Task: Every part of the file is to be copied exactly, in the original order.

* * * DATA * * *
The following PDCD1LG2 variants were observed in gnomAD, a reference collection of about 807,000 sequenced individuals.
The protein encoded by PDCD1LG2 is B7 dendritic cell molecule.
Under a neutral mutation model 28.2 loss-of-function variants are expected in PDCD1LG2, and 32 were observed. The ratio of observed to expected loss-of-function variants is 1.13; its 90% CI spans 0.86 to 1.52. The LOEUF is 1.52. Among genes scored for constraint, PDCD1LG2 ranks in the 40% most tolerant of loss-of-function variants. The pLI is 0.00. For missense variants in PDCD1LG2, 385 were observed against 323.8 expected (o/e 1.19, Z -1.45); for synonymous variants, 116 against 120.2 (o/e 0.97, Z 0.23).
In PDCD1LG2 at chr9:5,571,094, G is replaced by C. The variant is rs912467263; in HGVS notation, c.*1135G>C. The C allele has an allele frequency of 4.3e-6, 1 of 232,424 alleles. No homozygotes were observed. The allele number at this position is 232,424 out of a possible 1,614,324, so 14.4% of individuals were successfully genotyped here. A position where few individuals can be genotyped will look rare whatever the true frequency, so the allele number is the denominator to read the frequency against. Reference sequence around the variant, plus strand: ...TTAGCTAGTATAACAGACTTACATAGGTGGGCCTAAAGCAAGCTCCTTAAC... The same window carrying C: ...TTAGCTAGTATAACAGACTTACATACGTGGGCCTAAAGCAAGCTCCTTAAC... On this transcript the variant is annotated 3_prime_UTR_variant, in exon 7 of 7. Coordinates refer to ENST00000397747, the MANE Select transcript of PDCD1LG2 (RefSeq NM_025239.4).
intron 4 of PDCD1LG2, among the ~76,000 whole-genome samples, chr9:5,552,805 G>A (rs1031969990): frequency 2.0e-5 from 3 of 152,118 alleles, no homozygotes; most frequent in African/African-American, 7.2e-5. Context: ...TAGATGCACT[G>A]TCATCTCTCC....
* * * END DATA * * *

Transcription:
The following PDCD1LG2 variants were observed in gnomAD, a reference collection of about 807,000 sequenced individuals.
The protein encoded by PDCD1LG2 is B7 dendritic cell molecule.
Under a neutral mutation model 28.2 loss-of-function variants are expected in PDCD1LG2, and 32 were observed. The ratio of observed to expected loss-of-function variants is 1.13; its 90% CI spans 0.86 to 1.52. The LOEUF is 1.52. Among genes scored for constraint, PDCD1LG2 ranks in the 40% most tolerant of loss-of-function variants. The pLI is 0.00. For missense variants in PDCD1LG2, 385 were observed against 323.8 expected (o/e 1.19, Z -1.45); for synonymous variants, 116 against 120.2 (o/e 0.97, Z 0.23).
In PDCD1LG2 at chr9:5,571,094, G is replaced by C. The variant is rs912467263; in HGVS notation, c.*1135G>C. The C allele has an allele frequency of 4.3e-6, 1 of 232,424 alleles. No homozygotes were observed. The allele number at this position is 232,424 out of a possible 1,614,324, so 14.4% of individuals were successfully genotyped here. A position where few individuals can be genotyped will look rare whatever the true frequency, so the allele number is the denominator to read the frequency against. Reference sequence around the variant, plus strand: ...TTAGCTAGTATAACAGACTTACATAGGTGGGCCTAAAGCAAGCTCCTTAAC... The same window carrying C: ...TTAGCTAGTATAACAGACTTACATACGTGGGCCTAAAGCAAGCTCCTTAAC... On this transcript the variant is annotated 3_prime_UTR_variant, in exon 7 of 7. Coordinates refer to ENST00000397747, the MANE Select transcript of PDCD1LG2 (RefSeq NM_025239.4).
intron 4 of PDCD1LG2, among the ~76,000 whole-genome samples, chr9:5,552,805 G>A (rs1031969990): frequency 2.0e-5 from 3 of 152,118 alleles, no homozygotes; most frequent in African/African-American, 7.2e-5. Context: ...TAGATGCACT[G>A]TCATCTCTCC....